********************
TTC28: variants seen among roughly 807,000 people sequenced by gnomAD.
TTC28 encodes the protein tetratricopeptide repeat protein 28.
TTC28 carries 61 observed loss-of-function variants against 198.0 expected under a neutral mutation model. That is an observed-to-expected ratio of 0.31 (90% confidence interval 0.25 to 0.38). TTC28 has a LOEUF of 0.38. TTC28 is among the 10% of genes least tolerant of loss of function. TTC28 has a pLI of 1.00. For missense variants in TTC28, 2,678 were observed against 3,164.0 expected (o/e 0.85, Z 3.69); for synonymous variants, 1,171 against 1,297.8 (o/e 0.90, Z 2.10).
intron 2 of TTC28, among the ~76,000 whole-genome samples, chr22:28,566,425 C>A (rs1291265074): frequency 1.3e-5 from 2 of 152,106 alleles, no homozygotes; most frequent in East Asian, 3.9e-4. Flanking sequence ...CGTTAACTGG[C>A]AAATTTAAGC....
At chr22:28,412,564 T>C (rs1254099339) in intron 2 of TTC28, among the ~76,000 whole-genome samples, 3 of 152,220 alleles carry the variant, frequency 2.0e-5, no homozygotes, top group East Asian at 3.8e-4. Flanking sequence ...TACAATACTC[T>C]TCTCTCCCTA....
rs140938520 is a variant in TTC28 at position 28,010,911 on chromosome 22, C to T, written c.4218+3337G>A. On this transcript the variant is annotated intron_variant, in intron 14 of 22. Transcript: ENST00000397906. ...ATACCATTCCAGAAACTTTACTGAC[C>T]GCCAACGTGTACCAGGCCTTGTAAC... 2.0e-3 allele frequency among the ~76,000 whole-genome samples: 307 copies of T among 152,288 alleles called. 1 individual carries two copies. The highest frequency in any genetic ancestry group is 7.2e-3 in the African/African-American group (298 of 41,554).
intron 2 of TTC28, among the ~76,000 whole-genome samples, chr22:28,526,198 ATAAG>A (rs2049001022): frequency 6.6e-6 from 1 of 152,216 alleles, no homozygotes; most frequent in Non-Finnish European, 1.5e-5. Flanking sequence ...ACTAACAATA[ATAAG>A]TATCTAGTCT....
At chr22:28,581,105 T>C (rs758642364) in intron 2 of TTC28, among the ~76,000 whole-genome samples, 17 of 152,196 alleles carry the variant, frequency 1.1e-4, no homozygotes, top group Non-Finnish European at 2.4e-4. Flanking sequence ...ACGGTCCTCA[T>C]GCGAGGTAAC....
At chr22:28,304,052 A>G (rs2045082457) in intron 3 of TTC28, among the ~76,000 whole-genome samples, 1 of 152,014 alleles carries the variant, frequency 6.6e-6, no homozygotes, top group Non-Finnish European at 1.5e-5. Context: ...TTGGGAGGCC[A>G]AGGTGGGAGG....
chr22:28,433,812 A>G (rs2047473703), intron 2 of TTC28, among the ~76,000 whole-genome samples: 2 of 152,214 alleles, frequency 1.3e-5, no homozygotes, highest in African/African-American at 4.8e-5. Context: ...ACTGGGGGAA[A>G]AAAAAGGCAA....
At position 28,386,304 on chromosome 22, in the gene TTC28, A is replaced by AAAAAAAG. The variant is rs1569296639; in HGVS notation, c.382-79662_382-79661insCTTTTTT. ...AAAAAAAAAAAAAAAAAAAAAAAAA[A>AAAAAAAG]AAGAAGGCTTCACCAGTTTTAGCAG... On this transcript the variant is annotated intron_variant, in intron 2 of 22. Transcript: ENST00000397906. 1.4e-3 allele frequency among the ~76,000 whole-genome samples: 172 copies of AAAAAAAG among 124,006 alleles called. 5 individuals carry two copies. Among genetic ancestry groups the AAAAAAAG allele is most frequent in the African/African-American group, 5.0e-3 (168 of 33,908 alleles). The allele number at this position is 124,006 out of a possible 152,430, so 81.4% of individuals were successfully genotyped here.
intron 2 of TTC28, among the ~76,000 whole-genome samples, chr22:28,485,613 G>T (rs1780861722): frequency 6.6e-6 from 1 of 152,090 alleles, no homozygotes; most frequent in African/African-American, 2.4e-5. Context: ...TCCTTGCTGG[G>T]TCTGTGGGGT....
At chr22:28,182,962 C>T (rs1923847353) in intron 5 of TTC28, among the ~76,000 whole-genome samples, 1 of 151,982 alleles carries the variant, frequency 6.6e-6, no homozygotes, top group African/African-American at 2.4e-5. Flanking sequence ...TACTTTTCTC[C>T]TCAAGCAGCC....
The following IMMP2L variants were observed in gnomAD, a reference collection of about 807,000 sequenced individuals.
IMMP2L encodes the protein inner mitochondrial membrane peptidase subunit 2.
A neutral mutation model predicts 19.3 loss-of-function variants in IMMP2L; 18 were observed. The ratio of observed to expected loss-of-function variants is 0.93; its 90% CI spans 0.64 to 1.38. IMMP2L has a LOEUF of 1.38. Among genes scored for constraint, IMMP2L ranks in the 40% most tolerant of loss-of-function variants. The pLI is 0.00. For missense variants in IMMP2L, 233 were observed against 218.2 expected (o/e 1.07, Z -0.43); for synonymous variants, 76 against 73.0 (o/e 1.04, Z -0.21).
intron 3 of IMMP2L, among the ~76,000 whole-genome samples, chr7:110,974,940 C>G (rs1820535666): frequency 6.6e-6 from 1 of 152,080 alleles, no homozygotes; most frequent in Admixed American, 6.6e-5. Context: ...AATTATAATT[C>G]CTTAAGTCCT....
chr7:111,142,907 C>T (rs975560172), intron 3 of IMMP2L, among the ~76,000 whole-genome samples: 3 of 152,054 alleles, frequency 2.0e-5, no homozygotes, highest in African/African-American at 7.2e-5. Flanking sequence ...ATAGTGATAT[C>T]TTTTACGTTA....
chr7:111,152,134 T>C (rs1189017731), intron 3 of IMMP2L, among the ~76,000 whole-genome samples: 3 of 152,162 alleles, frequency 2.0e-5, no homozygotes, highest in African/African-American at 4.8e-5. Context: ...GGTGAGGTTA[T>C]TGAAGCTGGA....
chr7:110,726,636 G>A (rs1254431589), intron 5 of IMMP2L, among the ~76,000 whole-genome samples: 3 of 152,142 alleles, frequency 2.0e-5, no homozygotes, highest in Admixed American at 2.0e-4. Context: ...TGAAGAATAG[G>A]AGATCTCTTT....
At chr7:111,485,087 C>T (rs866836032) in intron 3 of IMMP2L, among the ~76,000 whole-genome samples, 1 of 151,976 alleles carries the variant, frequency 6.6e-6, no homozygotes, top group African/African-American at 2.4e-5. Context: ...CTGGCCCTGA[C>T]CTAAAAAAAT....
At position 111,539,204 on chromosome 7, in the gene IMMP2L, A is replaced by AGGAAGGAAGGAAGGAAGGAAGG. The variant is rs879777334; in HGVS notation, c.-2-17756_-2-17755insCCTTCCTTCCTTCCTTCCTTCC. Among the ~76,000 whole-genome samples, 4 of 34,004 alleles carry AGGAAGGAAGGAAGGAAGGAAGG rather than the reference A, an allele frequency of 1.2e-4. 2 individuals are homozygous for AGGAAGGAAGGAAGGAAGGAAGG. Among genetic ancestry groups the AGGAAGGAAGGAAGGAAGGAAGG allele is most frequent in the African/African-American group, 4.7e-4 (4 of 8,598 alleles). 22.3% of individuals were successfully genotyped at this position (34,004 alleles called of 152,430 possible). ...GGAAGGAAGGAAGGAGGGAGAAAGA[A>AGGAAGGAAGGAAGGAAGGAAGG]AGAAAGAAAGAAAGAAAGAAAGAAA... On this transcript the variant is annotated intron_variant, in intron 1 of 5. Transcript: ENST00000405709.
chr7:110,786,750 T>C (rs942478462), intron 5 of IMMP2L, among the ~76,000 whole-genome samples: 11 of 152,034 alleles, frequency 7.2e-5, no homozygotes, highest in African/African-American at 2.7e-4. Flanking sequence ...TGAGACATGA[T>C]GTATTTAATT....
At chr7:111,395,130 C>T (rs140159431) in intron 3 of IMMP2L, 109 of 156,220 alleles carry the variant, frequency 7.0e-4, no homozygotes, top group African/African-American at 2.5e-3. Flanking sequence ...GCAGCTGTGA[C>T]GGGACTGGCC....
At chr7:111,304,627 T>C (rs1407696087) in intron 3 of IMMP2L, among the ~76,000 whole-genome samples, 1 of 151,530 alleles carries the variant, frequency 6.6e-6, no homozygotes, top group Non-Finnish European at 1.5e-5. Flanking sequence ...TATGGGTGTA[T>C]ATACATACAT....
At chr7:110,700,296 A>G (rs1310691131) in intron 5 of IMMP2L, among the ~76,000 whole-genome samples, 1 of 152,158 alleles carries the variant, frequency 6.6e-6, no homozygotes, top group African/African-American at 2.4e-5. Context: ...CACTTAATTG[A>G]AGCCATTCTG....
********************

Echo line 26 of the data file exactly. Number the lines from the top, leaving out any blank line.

At chr7:110,700,296 A>G (rs1310691131) in intron 5 of IMMP2L, among the ~76,000 whole-genome samples, 1 of 152,158 alleles carries the variant, frequency 6.6e-6, no homozygotes, top group African/African-American at 2.4e-5. Context: ...CACTTAATTG[A>G]AGCCATTCTG....